June 10, 2008
NTSB Echoes Pilots’ Concerns about Fatigue
WASHINGTON, D.C. – The Air Line Pilots Association, Int’l (ALPA), urged the FAA and airlines to address pilot fatigue with a two-pronged strategy of updating flight- and duty-time regulations and implementing fatigue risk management systems (FRMS) at a sunshine meeting held today by the National Transportation Safety Board (NTSB).
“We strongly agree with the NTSB; the FAA must pursue improved, science-based flight- and duty-time regulations to make certain that airline pilots in both passenger and cargo operations are well rested and ready to safely perform their jobs,” said Capt. John Prater, ALPA’s president. “At the same time, the airlines must put science-based fatigue risk management systems in place as another critical layer to aid pilots in mitigating fatigue.”
“Current regulations fail to take into account today’s science, flight schedules, aircraft equipment, human physiology, and travel distances,” said Capt. Don Wykoff, chairman of ALPA’s Flight Time/Duty Time Committee and chairman of the Association’s Blue Ribbon Panel on Pilot Fatigue. “This is a pressing issue at both mainline and regional airlines, where high-frequency operations, long-range flight, or long duty days can create serious fatigue concerns.”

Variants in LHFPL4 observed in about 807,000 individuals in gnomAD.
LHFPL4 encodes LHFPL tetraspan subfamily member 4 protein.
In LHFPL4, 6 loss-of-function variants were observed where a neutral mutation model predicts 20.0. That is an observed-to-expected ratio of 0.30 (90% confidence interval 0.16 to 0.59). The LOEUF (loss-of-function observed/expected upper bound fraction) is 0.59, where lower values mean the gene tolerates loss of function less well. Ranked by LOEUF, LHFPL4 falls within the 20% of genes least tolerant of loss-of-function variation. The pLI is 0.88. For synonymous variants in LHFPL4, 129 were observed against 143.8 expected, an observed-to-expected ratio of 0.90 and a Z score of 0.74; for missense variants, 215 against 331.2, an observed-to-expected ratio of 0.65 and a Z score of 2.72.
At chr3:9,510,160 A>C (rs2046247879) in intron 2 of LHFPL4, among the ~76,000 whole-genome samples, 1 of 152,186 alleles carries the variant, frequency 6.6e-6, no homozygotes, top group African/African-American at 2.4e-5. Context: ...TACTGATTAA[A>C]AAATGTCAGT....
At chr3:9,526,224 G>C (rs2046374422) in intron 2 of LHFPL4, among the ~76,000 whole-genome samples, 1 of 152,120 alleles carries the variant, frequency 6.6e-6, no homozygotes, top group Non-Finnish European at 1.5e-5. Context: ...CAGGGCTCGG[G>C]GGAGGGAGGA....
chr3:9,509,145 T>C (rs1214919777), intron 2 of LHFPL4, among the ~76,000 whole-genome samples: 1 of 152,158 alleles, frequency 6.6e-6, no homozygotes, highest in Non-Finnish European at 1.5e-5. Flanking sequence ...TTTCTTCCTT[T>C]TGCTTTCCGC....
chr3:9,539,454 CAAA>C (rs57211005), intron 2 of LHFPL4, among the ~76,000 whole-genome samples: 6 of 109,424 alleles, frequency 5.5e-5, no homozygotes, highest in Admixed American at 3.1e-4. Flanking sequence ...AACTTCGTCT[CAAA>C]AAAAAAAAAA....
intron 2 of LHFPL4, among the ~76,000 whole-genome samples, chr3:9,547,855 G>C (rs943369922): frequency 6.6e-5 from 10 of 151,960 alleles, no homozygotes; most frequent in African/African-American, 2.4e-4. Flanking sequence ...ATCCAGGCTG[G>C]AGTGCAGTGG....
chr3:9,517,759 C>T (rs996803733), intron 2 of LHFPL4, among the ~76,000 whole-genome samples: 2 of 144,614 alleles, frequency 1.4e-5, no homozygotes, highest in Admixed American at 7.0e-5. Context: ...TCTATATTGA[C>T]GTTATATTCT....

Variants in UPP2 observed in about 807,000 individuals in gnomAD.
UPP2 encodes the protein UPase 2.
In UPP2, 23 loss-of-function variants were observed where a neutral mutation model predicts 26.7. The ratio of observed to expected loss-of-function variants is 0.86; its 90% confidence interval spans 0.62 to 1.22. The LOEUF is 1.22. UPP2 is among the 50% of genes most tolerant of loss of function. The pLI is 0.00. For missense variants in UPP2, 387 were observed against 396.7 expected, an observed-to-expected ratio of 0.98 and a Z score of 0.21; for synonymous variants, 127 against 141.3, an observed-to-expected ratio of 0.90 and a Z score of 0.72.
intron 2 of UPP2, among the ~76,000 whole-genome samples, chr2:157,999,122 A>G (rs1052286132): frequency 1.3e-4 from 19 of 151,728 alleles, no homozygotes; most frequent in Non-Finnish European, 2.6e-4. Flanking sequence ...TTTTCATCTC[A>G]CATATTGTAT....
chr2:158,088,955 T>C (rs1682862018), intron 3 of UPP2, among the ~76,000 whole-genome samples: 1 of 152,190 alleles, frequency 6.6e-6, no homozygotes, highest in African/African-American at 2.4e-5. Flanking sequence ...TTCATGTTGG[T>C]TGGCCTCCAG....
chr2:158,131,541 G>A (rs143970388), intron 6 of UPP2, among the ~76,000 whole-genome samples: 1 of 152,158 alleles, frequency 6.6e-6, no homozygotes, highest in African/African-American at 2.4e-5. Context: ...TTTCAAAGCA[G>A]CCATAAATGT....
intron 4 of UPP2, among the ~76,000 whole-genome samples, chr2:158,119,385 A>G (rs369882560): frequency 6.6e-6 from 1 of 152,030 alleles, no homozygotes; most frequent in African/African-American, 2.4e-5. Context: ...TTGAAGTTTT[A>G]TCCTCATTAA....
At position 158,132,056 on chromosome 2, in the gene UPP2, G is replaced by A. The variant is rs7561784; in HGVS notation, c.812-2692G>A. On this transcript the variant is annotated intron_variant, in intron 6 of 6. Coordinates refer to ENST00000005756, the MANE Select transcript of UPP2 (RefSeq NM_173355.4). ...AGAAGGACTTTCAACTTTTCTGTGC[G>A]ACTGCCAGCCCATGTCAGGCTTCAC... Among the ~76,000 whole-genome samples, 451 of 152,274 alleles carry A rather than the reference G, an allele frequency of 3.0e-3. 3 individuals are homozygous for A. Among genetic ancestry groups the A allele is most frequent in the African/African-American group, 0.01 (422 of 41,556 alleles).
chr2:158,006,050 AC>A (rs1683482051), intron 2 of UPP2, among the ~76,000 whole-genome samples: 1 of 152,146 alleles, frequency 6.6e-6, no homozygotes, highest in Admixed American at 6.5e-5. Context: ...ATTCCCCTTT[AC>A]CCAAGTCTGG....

ALPA supports fatigue risk management systems as a complement to, but not a substitute for, a modern, science-based regulatory structure. ALPA released a white paper today that outlines the fundamental principles of a successful FRMS, which is a scientifically based, data-driven process used to continuously monitor and manage fatigue risks. A properly structured FRMS should be used together with flight- and duty-time regulations to create efficient operations integrating an enhanced level of safety.
ALPA underscored that any successful solution to the fatigue challenge must be comprehensive and address all flying, including “back side of the clock,” short-haul, long-range, and ultra-long-range.
“ALPA created a Blue Ribbon Panel on Pilot Fatigue in 2007 to review the science and recommend actions for our union to pursue in taking on this extremely important safety and quality-of-life issue,” concluded Prater. “ALPA takes this issue extremely seriously and will remain fully engaged in regulator and industry efforts to address pilot fatigue.”
Founded in 1931, ALPA is the world’s largest pilots union, representing 55,000 pilots at 40 airlines in the United States and Canada.
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